What is an Ayurvedic Diet?
As an Ayurvedic practitioner and student, I get a lot of people asking me how they should be eating. There’s a lot of talk around the Ayurvedic diet these days, and that’s awesome! I’m so glad people are becoming more interested in holistic eating.
So what is an Ayurvedic diet? This is kind of a big question. First, I’ll tell you what it is not:
An Ayurvedic diet is not dogmatic or rigid. It is not a set of strict rules that we all need to follow all the time. It's not a diet fad or a "lose weight quick" scheme.
The Ayurvedic Diet is really about looking at the imbalances within your mind-body right now, and eating in a way that doesn’t continuously perpetuate dis-ease.
Let me explain.
Ayurveda is India’s ancient holistic medicine practice. It literally translates to “Life Knowledge,” or “Life Wisdom,” and many people translate it as “Life Science.”
It’s known in Ayurveda that everything on the physical plane, including our own bodies and minds, are made up of the five elements - ether, air, fire, water, and earth. Each of us is a unique blend of these five elements.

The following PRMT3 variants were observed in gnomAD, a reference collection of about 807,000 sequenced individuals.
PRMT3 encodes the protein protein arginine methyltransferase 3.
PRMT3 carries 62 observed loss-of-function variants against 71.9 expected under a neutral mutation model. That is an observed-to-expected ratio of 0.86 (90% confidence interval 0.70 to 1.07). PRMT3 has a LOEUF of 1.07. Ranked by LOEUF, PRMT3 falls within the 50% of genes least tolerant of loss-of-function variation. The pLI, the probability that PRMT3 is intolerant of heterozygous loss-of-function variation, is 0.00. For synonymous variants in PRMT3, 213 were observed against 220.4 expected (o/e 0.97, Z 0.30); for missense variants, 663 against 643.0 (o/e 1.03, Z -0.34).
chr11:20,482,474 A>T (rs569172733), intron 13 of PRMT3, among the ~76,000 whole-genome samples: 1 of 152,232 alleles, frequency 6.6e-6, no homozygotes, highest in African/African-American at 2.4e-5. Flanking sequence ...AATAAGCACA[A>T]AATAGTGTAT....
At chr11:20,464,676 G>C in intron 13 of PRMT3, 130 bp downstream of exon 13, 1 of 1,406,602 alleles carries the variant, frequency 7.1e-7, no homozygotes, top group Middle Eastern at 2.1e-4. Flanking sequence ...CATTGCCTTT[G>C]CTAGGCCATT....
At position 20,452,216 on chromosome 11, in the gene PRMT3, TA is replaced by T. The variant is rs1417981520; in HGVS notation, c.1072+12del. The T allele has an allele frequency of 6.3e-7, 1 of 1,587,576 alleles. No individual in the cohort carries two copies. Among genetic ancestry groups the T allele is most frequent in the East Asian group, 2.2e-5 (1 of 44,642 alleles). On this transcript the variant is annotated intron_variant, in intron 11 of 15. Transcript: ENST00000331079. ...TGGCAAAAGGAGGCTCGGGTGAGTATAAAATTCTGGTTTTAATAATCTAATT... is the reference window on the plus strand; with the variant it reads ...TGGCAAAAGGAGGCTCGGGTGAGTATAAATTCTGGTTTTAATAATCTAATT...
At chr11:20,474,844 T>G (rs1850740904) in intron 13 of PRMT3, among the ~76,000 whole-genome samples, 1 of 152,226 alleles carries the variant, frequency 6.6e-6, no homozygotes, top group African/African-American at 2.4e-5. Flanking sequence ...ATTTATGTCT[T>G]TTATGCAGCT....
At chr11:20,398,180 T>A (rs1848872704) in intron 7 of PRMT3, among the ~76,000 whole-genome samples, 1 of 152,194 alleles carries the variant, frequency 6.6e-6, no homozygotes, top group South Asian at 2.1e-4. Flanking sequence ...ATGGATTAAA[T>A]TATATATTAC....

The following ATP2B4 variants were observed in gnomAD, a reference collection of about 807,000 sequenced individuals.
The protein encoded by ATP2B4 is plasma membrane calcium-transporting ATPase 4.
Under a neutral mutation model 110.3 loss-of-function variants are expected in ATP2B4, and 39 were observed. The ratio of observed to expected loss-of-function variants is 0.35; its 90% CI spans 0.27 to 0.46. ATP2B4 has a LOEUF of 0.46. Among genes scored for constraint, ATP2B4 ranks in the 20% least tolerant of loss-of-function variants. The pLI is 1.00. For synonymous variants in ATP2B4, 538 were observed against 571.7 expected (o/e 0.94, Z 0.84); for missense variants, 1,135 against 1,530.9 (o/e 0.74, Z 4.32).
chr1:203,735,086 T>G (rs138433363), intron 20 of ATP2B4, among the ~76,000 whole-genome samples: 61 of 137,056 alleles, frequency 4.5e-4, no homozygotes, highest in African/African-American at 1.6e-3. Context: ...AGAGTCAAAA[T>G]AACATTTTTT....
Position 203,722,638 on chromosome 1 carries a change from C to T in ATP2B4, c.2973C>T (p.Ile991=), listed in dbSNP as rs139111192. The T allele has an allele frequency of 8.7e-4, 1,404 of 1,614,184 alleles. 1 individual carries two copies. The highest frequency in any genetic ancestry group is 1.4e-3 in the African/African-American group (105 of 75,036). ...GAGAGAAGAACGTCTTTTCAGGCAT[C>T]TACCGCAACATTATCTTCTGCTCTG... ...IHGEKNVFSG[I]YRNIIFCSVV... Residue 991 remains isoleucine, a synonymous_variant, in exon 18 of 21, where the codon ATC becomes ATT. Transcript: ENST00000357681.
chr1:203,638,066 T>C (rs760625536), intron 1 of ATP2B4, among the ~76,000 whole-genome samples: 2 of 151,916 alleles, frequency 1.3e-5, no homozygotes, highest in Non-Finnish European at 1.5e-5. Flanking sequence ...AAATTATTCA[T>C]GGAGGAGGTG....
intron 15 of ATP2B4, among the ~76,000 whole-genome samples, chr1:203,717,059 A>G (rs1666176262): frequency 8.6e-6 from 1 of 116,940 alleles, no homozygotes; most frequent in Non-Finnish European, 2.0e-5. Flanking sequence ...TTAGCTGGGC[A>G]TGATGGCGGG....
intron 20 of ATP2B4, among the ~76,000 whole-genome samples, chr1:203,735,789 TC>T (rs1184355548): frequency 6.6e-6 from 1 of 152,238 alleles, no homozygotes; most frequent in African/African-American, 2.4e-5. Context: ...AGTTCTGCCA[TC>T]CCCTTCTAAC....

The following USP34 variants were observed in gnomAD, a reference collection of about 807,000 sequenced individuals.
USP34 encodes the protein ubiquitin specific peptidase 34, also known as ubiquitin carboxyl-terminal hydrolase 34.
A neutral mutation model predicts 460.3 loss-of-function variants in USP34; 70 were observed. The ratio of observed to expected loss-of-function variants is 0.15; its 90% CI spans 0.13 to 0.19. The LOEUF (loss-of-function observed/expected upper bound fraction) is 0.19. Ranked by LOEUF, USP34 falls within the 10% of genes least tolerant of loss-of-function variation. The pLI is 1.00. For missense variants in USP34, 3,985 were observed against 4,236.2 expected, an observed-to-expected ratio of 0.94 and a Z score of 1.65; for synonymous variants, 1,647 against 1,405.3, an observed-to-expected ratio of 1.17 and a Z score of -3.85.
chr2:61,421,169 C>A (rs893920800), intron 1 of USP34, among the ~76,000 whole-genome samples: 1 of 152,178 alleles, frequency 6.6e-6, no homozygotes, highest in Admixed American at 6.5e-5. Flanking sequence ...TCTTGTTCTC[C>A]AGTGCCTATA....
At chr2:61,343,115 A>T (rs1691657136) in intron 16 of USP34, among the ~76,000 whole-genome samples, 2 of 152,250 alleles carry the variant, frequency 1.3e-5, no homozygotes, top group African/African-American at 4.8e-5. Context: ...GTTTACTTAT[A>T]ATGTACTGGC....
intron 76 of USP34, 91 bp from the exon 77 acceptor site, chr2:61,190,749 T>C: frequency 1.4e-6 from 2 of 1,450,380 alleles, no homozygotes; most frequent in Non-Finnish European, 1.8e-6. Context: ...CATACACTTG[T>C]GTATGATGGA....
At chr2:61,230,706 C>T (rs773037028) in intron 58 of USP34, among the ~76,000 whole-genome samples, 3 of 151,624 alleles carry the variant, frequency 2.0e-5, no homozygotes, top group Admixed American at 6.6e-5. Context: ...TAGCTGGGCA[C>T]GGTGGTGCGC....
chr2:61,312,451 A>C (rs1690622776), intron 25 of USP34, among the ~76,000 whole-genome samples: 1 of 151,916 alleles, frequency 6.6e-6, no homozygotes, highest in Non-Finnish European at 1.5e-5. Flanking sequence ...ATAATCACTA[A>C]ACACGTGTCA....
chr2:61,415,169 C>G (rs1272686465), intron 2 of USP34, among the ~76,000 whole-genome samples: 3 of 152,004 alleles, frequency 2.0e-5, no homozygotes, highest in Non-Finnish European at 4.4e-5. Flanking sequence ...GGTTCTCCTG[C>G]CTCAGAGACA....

This is called your constitution, and it’s the compass for your Ayurvedic diet.
The five elements of nature make up three main energetic qualities. They’re called the doshas. It’s not the purpose of this post to go into all of that very deeply here (a future post for sure!), but each one manifests within us as specific psychological and physiological behaviors. The doshas are as follows:
Kapha (KAH-fuh) - consists of earth and water - heavy, slow, static, cool, moist, soft, sweet, compassionate
Pitta (PIT-tuh) - consists of fire and a little water - hot, light, fast, unstable, sharp, passionate, driven
Vata (VAH-tuh) - consists of ether and air - cold, dry, light, mobile, sharp, enthusiastic, creative
We all have every dosha within us, but generally a person will be predominantly one of these, with just a bit of the others showing up here and there. There are many tests you can take to determine which dosha is predominant within you. Or you can reach out to me, I’ll send you a questionnaire, and we’ll get it sorted for you. Cultivating a relationship with an Ayurvedic practitioner is definitely a better way to go, but a quick online quiz will do the trick too! Here's one from Banyan Botanicals.
Once you know your constitution, and have become aware of which doshas may be currently imbalanced, you can take on practices that will help you come back to that original, unique balanced state of personal health. And that nearly always starts with the food you eat.
***The only general rule of thumb I would always try to follow is this: Eat real, whole foods. Primarily plants. If you can, support your local farmers instead of big chain grocery stores. Then (bonus!), you'll also be eating seasonally, which is ideal!***
So. The question you’ve been waiting for. What’s an Ayurvedic Diet? Well, if you really read the above info, you’ll realize it’s not a plain answer. Ayurveda is a fluid, intuitive, and unique personal practice for everyone. But here’s the lowdown: